“We’re protesting for a better future. We’re all here for many problems, the roads, the trash, the economy … the water.” If she could change one thing about the country it would be education, she says. “I would take public schooling a little bit more seriously and make it 100 percent free. “I found out about the protests by accident. I was leaving a friend’s place when I came across a blocked road with burning tyres.
That’s when I checked the news and couldn’t help but join the revolt.” She says she has long felt a connection with the Joker. “So I wore his make-up comfortably and peacefully using the colors of our Lebanese flag with no intentions to start riots or wreak havoc, it was purely to make a statement.” She says it feels “surreal and overwhelming” to know that so many people have seen her face. “It almost feels insane that a picture in a certain place, time or situation can have such a huge impact.”
His face partly covered by a surgical mask, Haydar Sabri holds a picture of his brother as tear gas canisters and stun grenades rain down on Baghdad’s emblematic Tahrir Square. Underneath he has written: “I am here to find justice for my brother”. “My brother was protesting peacefully and he was killed by a sniper on October 4” in the same square, says Sabri, who is in his 20s and earns a living from odd jobs.
At the time Iraq was gripped by a first wave of protests, the deadliest since the fall of dictator Saddam Hussein in 2003. Five days of anti-government rallies brought chaos to Baghdad and southern Iraq despite the authorities’ attempts to quell them with internet blackouts and curfews. More than 150 people were killed, mostly protesters in the capital, according to official figures, in a country flush with oil wealth but where one-fifth of the population lives in poverty.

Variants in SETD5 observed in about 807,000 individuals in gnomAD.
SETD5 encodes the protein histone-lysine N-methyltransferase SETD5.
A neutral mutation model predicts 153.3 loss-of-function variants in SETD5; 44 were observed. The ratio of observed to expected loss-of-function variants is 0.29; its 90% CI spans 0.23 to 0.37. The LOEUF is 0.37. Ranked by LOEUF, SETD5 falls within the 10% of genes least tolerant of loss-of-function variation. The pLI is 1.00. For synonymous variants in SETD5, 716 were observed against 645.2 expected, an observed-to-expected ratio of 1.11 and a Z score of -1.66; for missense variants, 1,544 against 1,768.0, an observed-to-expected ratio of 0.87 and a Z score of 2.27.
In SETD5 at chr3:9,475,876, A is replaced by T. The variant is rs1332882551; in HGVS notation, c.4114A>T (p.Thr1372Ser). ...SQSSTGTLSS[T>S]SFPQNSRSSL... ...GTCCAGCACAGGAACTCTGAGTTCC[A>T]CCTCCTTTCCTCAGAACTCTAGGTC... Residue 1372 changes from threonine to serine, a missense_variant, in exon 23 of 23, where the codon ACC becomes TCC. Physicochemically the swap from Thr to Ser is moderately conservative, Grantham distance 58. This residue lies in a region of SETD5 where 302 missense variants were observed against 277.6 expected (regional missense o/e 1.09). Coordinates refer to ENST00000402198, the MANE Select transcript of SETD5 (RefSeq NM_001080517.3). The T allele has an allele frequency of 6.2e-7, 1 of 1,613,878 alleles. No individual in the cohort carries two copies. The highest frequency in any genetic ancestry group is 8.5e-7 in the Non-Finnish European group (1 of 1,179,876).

Now that the rallies-and deaths-have resumed after a nearly three-week lull, Sabri has joined the demonstrators after keeping up to date with calls to mobilize on Facebook. He wants “the fall of the government because it’s the only way to find justice for my brother. “I want to be able to visit his grave and tell him that he died for a good cause,” Sabri tells AFP. “I want a better country and that will never happen unless the government falls.”
“I protest because the circumstances in recent years have incarcerated Catalonia’s political leaders we elected. They were allowed to propose an electoral program (for independence in Catalonia) and when they wanted to put their plan into action they were detained and sent to prison,” said Gisela Navales Morera, a 39-year-old teacher. “It seems very unjust,” the Catalan separatist added. 44 percent of people in the region are in favor of forming an independent state in northeast Spain.